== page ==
Defense hormones guide plant roots’ mix of microbes | Science News

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Defense hormones guide plant roots’ mix of microbes

Salicylic acid attracts some bacteria, repels others, study finds

2:00pm, July 16, 2015
roots of a weed called Arabidopsis thaliana

ROOT BOUND  The roots of a weed called Arabidopsis thaliana (shown) make a hormone called salicylic acid. That hormone attracts some bacteria to the roots while shooing others away.

Plants help tend their own gardens. Salicylic acid, a plant hormone used to fight bacterial infections in leaves, also helps plants select which bacteria colonize their roots, researchers report online July 16 in Science.

The finding provides an unexpected piece to an unsolved puzzle in plant biology: why some microbes flock to the roots of certain plants regardless of soil type.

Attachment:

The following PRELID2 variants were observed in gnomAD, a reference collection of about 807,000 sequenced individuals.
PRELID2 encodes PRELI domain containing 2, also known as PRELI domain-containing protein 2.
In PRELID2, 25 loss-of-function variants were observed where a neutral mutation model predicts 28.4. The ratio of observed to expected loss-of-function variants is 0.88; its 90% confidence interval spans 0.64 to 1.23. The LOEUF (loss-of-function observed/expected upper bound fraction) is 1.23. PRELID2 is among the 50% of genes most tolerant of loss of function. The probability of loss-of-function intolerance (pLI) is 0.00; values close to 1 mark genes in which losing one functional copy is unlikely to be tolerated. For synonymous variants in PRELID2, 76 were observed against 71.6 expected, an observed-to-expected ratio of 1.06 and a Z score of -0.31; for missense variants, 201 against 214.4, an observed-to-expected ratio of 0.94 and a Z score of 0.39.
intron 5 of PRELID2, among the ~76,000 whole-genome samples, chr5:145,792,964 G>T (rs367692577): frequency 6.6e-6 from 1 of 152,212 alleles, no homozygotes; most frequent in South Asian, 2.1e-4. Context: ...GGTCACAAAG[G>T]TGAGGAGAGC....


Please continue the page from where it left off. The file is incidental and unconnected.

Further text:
Researchers thought there were two possibilities for how specific collections of microbes get together with roots, says Cara Haney, a microbiologist at Massachusetts General Hospital in Boston. “Either plants are just sticks in the mud that certain bacteria like to eat, or plants play a role in shaping that community,” she says. Haney, who was not involved in the new study, investigates interactions between plants and microbes.

Experiments with a small weed called Arabidopsis thaliana

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